Do not let any man or beast, herd or flock, taste anything; do not let them eat or drink.  But let man and beast be covered with sackcloth.  Let everyone call urgently on God.  Let them give up their evil ways and their violence.  Who knows?  God may yet relent and with compassion turn from his fierce anger so that we will not perish.”

Jonah 3:1-9

That is some serious repenting after just one powerful line from the word of the Lord through Jonah!  Sackcloth was a very uncomfortable garment kind of like wearing a rough burlap sack.  It was used as a symbol of repentance in the Old Testament.  They would put on the sackcloth and literally sit themselves down or cover themselves in dust or ashes to show their sorrow for their sins.

What was God’s response to this amazing scene of repentance as an entire town and its king turned to Him?  I’ll tell you, He responded in love!

“When God saw what they did and how they turned from their evil ways, he had compassion and did not bring upon them the destruction he had threatened.”

Jonah 3:10

Jonah was angry at the Lord’s compassion, but God taught him a great lesson about how forgiving and loving He is.  God might be calling you to something that seems crazy and you can’t see what He is doing right now, but know that just like with Jonah, God always has a greater purpose that is far better than anything we could ask or imagine.

God does not want any of us to perish!  He has compassion on us and He is patient with us.  Jonah knew this.

“He prayed to the Lord, “O Lord, is this not what I said when I was still at home?  That is why I was so quick to flee to Tarshish.  I knew that you are a gracious and compassionate God, slow to anger and abounding in love, a God who relents from sending calamity.”

Jonah 4:2

The Apostle Peter in the New Testament said it this way:

“The Lord is not slow in keeping his promise, as some understand slowness.  He is patient with you, not wanting anyone to perish, but everyone to come to repentance.”

2 Peter 3:9

God is full of grace and compassion.  He is slow to anger and abounding in love.  He is a God who relents and forgives.  Please remember that always!  You can trust God with your very soul and you do not need to run from Him.  He truly does love you!

Grace and peace to you all!

John 3 v 16 big


Author: Ryan Callahan

Hello, and welcome to my site! I am an independent Christian author (One Man's Very Strange Supernatural Life), blogger, and evangelist for Jesus. My main goal with this blog is to help people come to know Jesus, help people understand the Bible, and to minister to a lost and hurting world. This site is about hope, new beginnings, grace, mercy, forgiveness, and love! I'm glad you are here, God bless you! Copyright © 2023 Ryan Callahan. All rights reserved.

20 thoughts on “How Far Did Jonah Run?”

  1. Very true. No matter how far we run, bo matter how hard we try to get away, God will catch up with us, His grace will pull us back to His arms. Inspiring post, dear.

    Hey, don’t hesitate to visit my blog page, I would really love to connect with you, I posted a new blog and I hope you could participate. Cheers! 😊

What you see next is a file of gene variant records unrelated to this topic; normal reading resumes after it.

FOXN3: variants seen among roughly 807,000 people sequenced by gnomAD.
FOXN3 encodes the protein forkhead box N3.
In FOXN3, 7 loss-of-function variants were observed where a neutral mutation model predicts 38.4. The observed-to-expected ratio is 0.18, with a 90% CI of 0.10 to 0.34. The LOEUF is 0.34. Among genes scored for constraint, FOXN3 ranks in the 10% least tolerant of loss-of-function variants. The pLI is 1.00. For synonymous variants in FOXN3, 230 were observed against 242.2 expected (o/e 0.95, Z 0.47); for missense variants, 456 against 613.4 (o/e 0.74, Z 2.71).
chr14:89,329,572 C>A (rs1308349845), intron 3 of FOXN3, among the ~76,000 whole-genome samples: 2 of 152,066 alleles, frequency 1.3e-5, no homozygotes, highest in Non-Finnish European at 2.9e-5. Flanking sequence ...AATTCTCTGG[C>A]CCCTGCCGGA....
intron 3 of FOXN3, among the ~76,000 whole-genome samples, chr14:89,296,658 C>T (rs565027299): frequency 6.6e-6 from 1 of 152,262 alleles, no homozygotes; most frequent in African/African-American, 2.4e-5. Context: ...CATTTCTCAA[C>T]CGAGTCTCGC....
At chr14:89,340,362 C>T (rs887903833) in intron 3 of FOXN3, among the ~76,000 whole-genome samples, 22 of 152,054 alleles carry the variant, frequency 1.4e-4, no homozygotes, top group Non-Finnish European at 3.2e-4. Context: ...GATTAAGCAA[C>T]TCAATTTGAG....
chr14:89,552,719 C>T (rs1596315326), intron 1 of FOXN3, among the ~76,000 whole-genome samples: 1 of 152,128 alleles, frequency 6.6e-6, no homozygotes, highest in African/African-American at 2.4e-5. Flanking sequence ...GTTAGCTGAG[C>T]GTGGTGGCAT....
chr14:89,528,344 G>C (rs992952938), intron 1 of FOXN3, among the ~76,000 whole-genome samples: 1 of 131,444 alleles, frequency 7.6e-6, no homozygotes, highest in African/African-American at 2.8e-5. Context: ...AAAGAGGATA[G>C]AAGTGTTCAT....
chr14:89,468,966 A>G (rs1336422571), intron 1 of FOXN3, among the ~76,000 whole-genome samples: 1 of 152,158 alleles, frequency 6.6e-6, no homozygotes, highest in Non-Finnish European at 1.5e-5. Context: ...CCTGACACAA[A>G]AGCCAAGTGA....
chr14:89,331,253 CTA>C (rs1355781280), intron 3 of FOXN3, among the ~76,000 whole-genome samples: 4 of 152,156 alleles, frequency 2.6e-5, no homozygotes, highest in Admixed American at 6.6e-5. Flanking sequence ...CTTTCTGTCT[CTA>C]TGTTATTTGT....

Liked by 1 person

  2. Ryan, Thank you for this! I had my times when I ran from God, too, so I do identify with Jonah, to a point. Mainly I ran because the opposition was so great, but not coming from people out in the world, but from within the church. Way even before I understood God’s calling on my life I had people opposing me for my seriousness of faith in Jesus Christ and for my commitment to his Word, and this coming from other Christians, not from unbelievers.

    But, God was using all of this to prepare me for what he had for me, for he had to bring me to that place in my life where I would obey him no matter what, no matter if everyone rejected me and deserted me. I had to be willing to say whatever it is he wanted me to say if all turned away from me and abandoned me and mocked me. So, I had to learn to trust in the absolute sovereignty of God over my life so that I would not let persecution or rejection or opposition keep me from doing what God has called me to do.

    Liked by 1 person

  3. Ryan, the irony is that all creatures obey God more than man….the donkey, the dove, the great fish, the swarm of insects, the birds that brought food for the prophet, the lions, and eventually the snake, too, will have to submit to the all powerful Almighty. Ryan, you did the world a favor by pointing out how foolish people can be when making decisions about spiritual things. They can either decide to get on God’s side or go straight to Hell. Keep up the good work, my brother.

    Liked by 1 person

  4. This is the best interpretation of the Jonah story I have seen so far Ryan. But it is incomplete! What’s at Tarshish to attract an Israelite prophet? Is Tarshish his final destination? Is Tarshish anyones final destination? If Assyria is an empire and Nineveh is its capital why isn’t the ruler referred to as the emperor rather than the king? When you can answer these questions you will have a far greater understanding. One last question, which will seem so ‘left field’ as to be off planet; Why is the story of Tamar in Genesis 38? It’s ugly and demeaning and how does it educate us? I assure you that the answer to these last 2 questions informs the first 2. And understanding these things will totally change your view of the ancient past. And that paradigm shift will open up new understandings of the Bible. Happy to talk